Time Out: The Twilight Zone movie and the death of Vic Morrow

When Steven Spielberg assembled his gang of hot directors to make a Twilight Zone movie in 1981, he had no idea that one of them would make the film live in infamy for years to come – and not in a good way.

Spielberg wanted to make The Twilight Zone movie a love letter to the classic TV show and have it be an anthology of four different tales all handled by four different directors. Spielberg himself took on a remake of a classic episode entitled “Kick the Can” in which some old folks in a home were given the chance to be young again. Joe Dante (Gremlins) took on the episode “It’s a Good Life” about a boy with manipulative powers. George Miller (Mad Max trilogy) directed a new take of the classic “Nightmare at 20,000 Feet” episode in which a creature creates havoc on the wing of a plane.

The only original segment presented for the film was brought by John Landis, who at the time was riding high on a massive wave of acclaim. Landis was behind some of the biggest and best films of the late 70s and early 80s such as Animal House, The Blues Brothers and An American Werewolf in London. While The Blues Brothers was considered to be a flop at the time, there was no doubting that Landis’s anarchic way of film making was certainly something to behold.

Landis’s story segment for The Twilight Zone was entitled “Time Out” and told the story of an outspoken, racist bigot (Vic Morrow) who after getting drunk at a bar one night and speaking his mind, finds himself getting a taste of his own medicine. He makes prejudiced remarks and racial slurs towards Jews, blacks and Asians, attracting the attention of a group of black men sitting near him who strongly resent his racist comments. He then leaves the bar very angry, but when he walks outside, the story begins.

He inexplicably proceeds to assume the racial ethnicities of people against whom he was always prejudiced. First, he finds himself in occupied France during World War II as a Jewish man hunted by Nazis, then in the deep South of the US in the 1940s as an African American being lynched by Ku Klux Klan members, then in Vietnam as a Vietnamese man, finally returning to World War II France, where he is captured by Nazi soldiers and placed on a railroad freight car, along with other Jewish Holocaust prisoners.

Initially when Landis submitted the script, studio executives balked at the idea of an overly negative protagonist that the audience would never relate to. Landis then came up with an idea  of having the main character redeem himself. While running away from the American soldiers firing at him and an attack from a U.S. helicopter in Vietnam, he would come upon two Vietnamese orphans. He would rescue them from an air attack, bravely carrying them across a river to save their lives. At the end, as an entire village is dramatically blown up in the background, the former racist would reassure the youngsters, “I’ll keep you safe, kids! I swear to God!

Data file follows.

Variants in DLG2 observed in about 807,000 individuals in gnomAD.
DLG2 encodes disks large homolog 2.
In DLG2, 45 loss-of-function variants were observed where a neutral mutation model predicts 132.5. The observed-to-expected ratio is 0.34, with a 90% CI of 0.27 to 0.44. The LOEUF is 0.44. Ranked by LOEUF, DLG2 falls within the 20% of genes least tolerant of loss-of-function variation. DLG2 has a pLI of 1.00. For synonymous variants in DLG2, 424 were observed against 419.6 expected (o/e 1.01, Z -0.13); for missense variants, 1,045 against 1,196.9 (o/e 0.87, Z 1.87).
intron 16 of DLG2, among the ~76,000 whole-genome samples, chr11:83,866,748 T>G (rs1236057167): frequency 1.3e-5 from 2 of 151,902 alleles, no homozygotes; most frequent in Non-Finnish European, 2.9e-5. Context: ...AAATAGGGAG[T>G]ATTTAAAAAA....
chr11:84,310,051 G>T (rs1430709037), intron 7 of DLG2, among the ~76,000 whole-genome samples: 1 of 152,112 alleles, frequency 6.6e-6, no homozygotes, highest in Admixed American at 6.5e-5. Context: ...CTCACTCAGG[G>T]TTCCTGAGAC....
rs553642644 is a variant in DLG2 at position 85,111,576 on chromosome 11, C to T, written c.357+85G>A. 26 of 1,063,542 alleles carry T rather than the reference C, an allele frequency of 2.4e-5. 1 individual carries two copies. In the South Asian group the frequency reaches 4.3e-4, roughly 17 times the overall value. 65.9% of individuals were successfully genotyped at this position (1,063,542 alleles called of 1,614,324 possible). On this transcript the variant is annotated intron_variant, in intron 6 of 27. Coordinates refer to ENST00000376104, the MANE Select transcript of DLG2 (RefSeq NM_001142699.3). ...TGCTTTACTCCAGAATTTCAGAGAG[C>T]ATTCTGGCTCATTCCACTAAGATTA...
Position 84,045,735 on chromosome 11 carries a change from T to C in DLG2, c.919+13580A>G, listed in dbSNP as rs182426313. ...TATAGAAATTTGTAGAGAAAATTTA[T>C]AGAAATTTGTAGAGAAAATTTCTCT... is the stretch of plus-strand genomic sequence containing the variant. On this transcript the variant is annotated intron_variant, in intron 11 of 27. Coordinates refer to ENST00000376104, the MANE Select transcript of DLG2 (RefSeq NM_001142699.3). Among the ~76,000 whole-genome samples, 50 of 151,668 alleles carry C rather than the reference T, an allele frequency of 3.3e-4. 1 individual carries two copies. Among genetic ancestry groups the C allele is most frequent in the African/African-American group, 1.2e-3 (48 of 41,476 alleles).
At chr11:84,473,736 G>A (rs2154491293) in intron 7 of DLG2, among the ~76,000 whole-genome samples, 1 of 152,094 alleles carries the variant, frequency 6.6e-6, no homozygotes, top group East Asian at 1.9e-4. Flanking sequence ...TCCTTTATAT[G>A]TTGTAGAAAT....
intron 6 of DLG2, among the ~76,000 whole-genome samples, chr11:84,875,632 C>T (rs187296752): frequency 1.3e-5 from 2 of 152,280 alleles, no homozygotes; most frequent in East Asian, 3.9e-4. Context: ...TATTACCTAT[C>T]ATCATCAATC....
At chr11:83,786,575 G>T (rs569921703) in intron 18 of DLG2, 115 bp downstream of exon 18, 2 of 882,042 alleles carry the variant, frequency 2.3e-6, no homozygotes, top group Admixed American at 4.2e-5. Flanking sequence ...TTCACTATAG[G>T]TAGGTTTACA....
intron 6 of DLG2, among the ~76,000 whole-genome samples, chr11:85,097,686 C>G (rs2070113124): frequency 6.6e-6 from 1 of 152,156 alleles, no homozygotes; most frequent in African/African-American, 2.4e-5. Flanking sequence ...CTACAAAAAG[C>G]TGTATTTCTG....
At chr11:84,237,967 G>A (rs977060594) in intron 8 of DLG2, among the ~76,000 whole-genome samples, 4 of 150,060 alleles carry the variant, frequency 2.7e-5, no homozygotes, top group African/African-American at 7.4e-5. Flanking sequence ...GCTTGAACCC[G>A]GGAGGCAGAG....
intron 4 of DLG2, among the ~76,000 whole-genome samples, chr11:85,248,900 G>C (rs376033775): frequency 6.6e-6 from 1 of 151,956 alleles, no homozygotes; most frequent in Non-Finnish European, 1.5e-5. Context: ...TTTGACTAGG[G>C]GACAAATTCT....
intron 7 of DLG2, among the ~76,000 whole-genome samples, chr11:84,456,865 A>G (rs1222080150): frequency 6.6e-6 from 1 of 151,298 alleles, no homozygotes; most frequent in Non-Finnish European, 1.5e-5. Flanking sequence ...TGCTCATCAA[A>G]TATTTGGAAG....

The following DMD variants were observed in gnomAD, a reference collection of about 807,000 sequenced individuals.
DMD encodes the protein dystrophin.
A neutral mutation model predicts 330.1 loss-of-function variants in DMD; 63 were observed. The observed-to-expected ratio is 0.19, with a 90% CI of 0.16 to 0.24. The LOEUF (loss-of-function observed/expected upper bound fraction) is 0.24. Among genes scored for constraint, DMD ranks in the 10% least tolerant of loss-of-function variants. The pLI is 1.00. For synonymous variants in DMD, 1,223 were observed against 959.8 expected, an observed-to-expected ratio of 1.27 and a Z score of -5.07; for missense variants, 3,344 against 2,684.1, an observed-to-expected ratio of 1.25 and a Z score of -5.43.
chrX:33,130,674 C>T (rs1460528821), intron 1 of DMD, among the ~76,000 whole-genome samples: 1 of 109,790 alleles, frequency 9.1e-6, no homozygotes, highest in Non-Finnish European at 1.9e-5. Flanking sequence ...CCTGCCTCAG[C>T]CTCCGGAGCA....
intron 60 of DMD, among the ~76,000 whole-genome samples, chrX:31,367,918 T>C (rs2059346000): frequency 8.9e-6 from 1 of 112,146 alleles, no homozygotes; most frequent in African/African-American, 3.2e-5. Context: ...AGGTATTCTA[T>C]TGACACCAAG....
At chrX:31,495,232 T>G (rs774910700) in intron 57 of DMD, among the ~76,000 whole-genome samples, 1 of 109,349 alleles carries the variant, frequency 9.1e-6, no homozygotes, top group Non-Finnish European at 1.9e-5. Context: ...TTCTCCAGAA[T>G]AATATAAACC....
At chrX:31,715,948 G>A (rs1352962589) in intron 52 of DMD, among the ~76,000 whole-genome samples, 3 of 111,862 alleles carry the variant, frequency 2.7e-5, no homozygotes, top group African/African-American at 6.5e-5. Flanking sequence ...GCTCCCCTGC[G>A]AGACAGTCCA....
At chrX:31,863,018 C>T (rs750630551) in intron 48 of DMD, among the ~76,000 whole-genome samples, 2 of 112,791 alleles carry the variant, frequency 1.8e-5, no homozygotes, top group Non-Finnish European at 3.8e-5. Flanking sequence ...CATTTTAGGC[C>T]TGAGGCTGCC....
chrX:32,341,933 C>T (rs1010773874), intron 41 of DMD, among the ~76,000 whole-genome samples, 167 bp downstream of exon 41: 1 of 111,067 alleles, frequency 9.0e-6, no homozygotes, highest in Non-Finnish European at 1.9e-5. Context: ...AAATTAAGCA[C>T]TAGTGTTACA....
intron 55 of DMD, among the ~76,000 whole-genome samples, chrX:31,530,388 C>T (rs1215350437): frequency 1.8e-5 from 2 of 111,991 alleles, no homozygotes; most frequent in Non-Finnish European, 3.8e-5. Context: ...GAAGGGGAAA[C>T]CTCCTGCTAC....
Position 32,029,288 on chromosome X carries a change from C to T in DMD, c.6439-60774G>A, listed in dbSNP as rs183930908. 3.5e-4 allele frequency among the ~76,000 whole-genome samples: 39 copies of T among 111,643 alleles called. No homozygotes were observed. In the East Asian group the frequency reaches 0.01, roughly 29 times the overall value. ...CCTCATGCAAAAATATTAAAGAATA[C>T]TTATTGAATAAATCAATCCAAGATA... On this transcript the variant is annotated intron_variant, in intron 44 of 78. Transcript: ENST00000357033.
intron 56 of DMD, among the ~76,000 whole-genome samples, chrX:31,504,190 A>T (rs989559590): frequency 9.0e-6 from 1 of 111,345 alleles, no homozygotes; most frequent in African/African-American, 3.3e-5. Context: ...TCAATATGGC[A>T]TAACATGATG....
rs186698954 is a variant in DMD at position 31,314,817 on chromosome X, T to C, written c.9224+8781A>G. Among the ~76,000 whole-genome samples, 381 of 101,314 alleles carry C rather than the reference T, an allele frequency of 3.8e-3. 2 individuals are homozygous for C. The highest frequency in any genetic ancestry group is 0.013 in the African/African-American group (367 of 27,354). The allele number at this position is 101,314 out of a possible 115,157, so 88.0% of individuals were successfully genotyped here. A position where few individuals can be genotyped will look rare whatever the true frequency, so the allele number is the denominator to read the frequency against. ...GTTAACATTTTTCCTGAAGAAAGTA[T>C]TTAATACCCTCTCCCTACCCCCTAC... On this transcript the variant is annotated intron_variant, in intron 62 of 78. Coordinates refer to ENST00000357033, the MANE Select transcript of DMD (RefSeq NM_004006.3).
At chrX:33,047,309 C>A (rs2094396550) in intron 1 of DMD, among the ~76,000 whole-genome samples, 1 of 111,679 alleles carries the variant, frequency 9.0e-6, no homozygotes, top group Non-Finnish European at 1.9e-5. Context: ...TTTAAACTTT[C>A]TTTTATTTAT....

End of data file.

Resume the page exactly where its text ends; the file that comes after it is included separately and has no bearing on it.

These script changes were approved.

However, Landis ran into an obstacle in the form of California’s child labor laws. Twilight Zone casting agents Michael Fenton and Marci Liroff of Fenton-Feinberg Casting told Landis and associate producer George Folsey Jr. that those regulations forbade children to work an hour past curfew and that a teacher-welfare worker had to be present when kids worked. Liroff remembered herself telling the director that the scene struck her as “kind of dangerous.” Fenton told Landis that, since the children were not going to have speaking parts, they were extras and could not be hired through Fenton-Feinberg Casting. Ron LaBrecque wrote in Special Effects (a book about the Twilight Zone accident) that Liroff claimed, “Fenton’s response was a diplomatic way to avoid involvement in a questionable venture.”

According to the Crime Library, “Employers could get waivers to work kids later than that but Landis did not seek one. Either he thought he would not get the waiver because the hour was too late or he knew he could not get approval to have kids around a helicopter and explosives”.

“Landis decided to break the law. He would employ the kids illegally and pay them out of petty cash to avoid putting their names on payroll”, a decision he would live to regret for a long, long time and a decision that both young children and Vic Morrow would not live to regret.